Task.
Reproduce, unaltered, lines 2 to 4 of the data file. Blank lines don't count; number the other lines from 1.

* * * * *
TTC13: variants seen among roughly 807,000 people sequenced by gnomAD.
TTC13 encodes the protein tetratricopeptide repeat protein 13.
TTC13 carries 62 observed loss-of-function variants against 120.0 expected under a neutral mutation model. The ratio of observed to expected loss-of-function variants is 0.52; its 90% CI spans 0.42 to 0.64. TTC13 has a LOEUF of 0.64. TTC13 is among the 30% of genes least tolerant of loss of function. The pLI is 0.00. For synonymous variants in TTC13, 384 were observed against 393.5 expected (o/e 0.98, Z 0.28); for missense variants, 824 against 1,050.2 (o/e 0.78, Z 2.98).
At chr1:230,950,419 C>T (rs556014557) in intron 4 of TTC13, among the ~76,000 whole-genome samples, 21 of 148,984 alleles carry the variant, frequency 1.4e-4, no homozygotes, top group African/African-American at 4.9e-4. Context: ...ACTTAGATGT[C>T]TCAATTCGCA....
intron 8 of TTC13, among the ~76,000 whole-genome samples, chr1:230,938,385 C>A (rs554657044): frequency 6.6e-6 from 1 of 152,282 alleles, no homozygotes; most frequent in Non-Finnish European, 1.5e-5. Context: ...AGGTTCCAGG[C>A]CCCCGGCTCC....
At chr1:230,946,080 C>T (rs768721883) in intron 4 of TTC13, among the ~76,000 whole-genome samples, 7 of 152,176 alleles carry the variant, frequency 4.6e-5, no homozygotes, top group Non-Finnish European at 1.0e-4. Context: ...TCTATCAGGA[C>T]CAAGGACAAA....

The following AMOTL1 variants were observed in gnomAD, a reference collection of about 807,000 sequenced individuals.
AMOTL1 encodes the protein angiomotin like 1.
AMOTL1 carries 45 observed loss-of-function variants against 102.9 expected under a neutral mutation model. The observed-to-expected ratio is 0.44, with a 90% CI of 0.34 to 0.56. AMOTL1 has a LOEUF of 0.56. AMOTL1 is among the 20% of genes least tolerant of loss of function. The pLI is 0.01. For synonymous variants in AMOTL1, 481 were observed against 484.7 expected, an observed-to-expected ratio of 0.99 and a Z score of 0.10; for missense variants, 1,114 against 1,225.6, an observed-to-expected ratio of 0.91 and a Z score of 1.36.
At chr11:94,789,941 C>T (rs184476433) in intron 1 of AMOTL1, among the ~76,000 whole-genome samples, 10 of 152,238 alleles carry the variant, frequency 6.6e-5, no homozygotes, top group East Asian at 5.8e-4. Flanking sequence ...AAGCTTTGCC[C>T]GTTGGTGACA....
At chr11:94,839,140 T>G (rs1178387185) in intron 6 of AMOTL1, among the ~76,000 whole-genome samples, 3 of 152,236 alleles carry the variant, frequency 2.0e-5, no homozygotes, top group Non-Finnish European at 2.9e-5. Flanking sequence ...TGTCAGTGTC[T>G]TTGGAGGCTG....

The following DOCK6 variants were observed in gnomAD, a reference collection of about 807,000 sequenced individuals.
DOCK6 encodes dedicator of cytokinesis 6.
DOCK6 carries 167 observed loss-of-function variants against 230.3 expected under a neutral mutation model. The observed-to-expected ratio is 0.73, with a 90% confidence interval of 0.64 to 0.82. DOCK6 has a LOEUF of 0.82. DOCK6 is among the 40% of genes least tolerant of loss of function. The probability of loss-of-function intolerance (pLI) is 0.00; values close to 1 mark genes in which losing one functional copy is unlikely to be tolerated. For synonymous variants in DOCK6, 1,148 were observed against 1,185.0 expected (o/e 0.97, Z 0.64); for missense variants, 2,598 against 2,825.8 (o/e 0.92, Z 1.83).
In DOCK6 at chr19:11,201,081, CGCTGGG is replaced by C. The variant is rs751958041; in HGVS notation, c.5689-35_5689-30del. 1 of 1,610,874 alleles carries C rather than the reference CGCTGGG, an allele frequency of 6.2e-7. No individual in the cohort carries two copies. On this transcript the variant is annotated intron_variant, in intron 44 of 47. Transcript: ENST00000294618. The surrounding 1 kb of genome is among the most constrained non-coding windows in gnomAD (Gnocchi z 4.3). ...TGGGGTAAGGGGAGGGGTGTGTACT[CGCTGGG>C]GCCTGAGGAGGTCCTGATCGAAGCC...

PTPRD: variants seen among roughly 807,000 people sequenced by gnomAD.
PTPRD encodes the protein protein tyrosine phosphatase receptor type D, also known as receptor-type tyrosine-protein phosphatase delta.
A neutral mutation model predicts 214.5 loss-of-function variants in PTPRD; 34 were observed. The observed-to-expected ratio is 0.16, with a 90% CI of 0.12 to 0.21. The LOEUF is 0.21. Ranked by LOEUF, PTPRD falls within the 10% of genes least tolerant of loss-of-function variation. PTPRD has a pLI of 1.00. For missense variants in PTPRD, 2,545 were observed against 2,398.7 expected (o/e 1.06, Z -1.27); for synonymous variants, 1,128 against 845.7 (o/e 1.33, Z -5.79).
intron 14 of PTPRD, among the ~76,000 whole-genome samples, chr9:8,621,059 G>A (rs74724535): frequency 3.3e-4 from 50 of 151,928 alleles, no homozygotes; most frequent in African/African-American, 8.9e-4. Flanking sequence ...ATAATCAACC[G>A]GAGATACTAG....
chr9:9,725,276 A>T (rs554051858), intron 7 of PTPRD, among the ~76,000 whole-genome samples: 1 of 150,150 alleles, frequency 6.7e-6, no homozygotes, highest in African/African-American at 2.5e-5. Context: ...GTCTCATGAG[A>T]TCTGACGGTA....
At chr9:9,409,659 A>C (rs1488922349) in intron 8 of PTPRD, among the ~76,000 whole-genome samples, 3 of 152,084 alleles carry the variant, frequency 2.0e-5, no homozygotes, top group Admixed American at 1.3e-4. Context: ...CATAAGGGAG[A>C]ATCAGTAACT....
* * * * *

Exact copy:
TTC13 encodes the protein tetratricopeptide repeat protein 13.
TTC13 carries 62 observed loss-of-function variants against 120.0 expected under a neutral mutation model. The ratio of observed to expected loss-of-function variants is 0.52; its 90% CI spans 0.42 to 0.64. TTC13 has a LOEUF of 0.64. TTC13 is among the 30% of genes least tolerant of loss of function. The pLI is 0.00. For synonymous variants in TTC13, 384 were observed against 393.5 expected (o/e 0.98, Z 0.28); for missense variants, 824 against 1,050.2 (o/e 0.78, Z 2.98).
At chr1:230,950,419 C>T (rs556014557) in intron 4 of TTC13, among the ~76,000 whole-genome samples, 21 of 148,984 alleles carry the variant, frequency 1.4e-4, no homozygotes, top group African/African-American at 4.9e-4. Context: ...ACTTAGATGT[C>T]TCAATTCGCA....